|Take the steps necessary to prepare your trailer for another summer of heavy use.
Wherever you currently reside, it is of the upmost importance to maintain your utility trailer for both the Summer and Winter seasons. Upcoming heat, previous winter grime buildup, and general maintenance that needs performed at least twice yearly all constitute a good tune-up for your setup.
While this may seem like a daunting process, damages to your trailer not only shorten its longevity, reduce resale value, but they also can turn your trailer into a safety hazard. Don’t ignore it! Do not fear, however, as we here at Tom’s Trailers have graciously compiled a list of simple, routine upkeep procedures that can ensure that your utility trailer functions up to its fullest potential this summer.
Wash. Your. Trailer. Just Do It!
Should you choose to ignore all of the other tips listed here, make sure you give your trailer a thorough cleaning at the end of the winter season. Caked on dirt, grime, and most importantly SALT can all lead to severe corrosion if left untreated.
We highly recommend a quality hose down with a home pressure washer (set on a lower setting so as not to damage your trailer, of course) combined with a non-caustic cleaner. Diluted Simple Green, or any other cleaner that can be used on an automobile should be safe to use. Specific areas to keep in mind include:
- Underneath the tire’s mud flaps. Large chunks of grime can gather here.
- Your trailer’s undercarriage.
- Rims and tire tread. Thoroughly wash your tread to remove any grime, rocks, or other obstructions.
- Any other nooks, crannies, or spots where buildup can occur.
Check Your Trailer Tires
Check the Air Pressure
Even though you may have just checked your tire pressure, be safe and do it again. The drastic changes in weather from cool to warm weather can impact your tire pressure. Ill maintained tires pose as a massive hazard to both yourself and others, as any rig can easily spiral out of control very quickly.
Check Tires for Dry Rot
Also, dry-rot and other forms of deterioration over the winter months can eat away at your tire treads as well. Replace any tires as need be, as this can be the best possible investment you can make. Avoid ending up in the middle of nowhere with a flat, and check your tires regularly.
Make Sure Moving Parts are Lubricated
Any moving parts prone to friction should be lubricated thoroughly. Stock up your arsenal with a sold grease gun, cans of WD-40, and any other lubricants that you think you may need. Pay careful attention to areas that are showing increased wear, rust spots, or any areas that make horrendous noises when rubbed together.
Perform a General Inspection
Perform an in depth, complete inspection of your entire unit. Check from the coupler to the tail lights for anything that could pose a potential problem. Check the quality and conditions of your chains, make sure your tires lug nuts are tightened all the way, and pay special attention to the condition of your fasteners. Look for spots of corrosion, and check one final time for any areas you may have missed while cleaning. Make sure your turn signals, and lights are all functioning properly.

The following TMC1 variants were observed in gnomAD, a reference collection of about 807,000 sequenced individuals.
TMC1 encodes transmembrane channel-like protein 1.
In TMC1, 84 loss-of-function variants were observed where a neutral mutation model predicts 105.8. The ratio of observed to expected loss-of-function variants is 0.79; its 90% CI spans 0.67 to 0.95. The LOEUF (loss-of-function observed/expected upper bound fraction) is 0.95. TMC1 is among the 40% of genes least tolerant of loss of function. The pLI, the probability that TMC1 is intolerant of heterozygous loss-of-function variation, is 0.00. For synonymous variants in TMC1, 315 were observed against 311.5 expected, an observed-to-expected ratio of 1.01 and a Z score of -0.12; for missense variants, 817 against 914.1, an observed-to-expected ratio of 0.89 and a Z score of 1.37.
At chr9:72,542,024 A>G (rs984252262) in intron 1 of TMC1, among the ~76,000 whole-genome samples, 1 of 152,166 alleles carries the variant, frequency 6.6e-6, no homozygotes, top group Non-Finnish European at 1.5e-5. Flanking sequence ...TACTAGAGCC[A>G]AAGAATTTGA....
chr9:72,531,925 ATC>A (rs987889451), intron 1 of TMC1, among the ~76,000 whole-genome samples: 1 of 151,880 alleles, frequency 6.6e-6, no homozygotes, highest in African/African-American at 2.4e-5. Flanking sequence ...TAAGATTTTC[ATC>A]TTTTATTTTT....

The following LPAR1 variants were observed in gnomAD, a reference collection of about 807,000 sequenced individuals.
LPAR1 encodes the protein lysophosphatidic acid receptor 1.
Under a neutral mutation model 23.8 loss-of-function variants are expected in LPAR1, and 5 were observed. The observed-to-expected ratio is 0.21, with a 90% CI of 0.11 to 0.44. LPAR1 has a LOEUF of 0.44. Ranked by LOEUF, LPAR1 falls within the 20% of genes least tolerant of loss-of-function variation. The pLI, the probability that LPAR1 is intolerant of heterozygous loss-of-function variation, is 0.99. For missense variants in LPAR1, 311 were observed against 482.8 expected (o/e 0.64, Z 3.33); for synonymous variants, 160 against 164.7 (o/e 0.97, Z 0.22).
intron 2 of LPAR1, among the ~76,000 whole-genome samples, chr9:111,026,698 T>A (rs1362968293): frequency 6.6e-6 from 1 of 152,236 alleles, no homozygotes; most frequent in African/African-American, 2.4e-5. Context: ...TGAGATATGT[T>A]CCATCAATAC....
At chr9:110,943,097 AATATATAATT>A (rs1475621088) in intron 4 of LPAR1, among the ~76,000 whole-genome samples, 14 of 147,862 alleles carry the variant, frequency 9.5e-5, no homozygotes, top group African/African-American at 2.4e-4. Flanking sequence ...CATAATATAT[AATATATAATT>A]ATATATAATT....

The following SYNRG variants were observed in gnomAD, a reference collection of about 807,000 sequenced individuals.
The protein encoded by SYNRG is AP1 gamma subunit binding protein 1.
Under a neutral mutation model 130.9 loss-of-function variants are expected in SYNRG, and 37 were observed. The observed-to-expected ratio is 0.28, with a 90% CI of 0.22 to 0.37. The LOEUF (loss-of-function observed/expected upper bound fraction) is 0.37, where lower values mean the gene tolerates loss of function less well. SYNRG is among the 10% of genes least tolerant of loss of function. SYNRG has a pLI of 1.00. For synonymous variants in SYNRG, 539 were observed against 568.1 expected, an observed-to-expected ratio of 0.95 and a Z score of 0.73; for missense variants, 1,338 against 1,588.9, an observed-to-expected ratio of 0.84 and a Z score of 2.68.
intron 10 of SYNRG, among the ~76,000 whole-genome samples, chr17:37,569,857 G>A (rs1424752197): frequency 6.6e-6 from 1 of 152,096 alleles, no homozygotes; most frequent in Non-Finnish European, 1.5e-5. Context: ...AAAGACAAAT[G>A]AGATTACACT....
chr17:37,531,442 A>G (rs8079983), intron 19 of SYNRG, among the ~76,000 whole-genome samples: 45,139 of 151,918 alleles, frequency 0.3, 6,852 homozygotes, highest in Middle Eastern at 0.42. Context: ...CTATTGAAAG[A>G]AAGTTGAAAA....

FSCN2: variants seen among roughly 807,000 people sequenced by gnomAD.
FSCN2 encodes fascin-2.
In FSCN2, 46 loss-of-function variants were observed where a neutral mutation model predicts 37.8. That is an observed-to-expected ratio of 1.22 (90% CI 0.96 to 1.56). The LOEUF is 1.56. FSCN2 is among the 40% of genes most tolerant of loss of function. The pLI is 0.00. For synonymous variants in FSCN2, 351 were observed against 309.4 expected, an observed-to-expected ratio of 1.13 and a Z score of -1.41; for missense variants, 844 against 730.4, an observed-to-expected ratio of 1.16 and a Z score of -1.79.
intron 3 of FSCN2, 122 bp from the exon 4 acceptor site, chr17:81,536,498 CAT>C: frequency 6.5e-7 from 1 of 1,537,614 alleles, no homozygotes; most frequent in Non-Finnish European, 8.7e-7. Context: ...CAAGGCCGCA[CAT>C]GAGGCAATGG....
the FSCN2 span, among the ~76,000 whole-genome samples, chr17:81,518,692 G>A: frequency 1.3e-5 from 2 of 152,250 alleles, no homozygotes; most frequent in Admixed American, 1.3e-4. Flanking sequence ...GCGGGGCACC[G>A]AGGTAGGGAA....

|Store your trailer the right way and preserve its longevity.|
When Winter Comes, It’s Time to Store Your Utility Trailer
There are several measures you can take to ensure your utility trailer remains in perfect working order after a long, cold wait in the garage or shed (or even outdoors):
Give Your Utility Trailer a Good Cleaning
This one’s pretty straightforward. Clean it up! Get rid of all the dirt, mud and grime from a long summer of heavy use. Use a light soap—like one you’d use to wash your car—and scrub off any buildup. You don’t want to leave any mess on your trailer and allow it to ferment for months on end.
Once you’ve scrubbed and hosed off your trailer, allow it to dry fully before storing for good to avoid any mold growth.
Take Care of Your Trailer Tires!
Perhaps nothing is more important than protecting your trailer tires over the course of the winter. Take the following steps to make sure they are ready to pound the pavement next spring:
- Inflate tires to the recommended cold weather PSI. The rule of thumb: for every 10 degree drop in temperature, you lose 2% air pressure. Give your tires an extra boost before storing based on the recommended PSI.
- Place on concrete pavers to avoid contact with snow or water and block the wheels.
- Ensure the inside of the valve stem is free of dirt and screw on the valve stem cover tightly.
- Keep them out of sunlight! Frequent exposure to direct sunlight means huge changes in temperature, causing potentially catastrophic damage over time. Either keep them indoors or cover them up.
- Jack up your trailer on to jack stands to relieve pressure on the tires.
- Remove your tires and stack them on a flat surface with a piece of plywood between each.
Remove Rust and Lubricate Mechanical Parts
When mechanical parts are static for too long, they begin to rust and lock up. Ensure your hinges, locks, hitch parts, plugs and suspension parts are in good working order. Get rid of rust with steel wool or sandpaper. Lubricate all your metal parts and apply a corrosion blocking agent. Trailer parts left static for too long lose effectiveness and decreases their working life.
Remove and Store the Emergency Breakaway Battery
Some trailers are equipped with a breakaway kit, designed to bring the utility trailer to a stop should it break off of the tow vehicle as you’re moving. Remove the battery for the breakaway kit and put it in a safe place for the winter.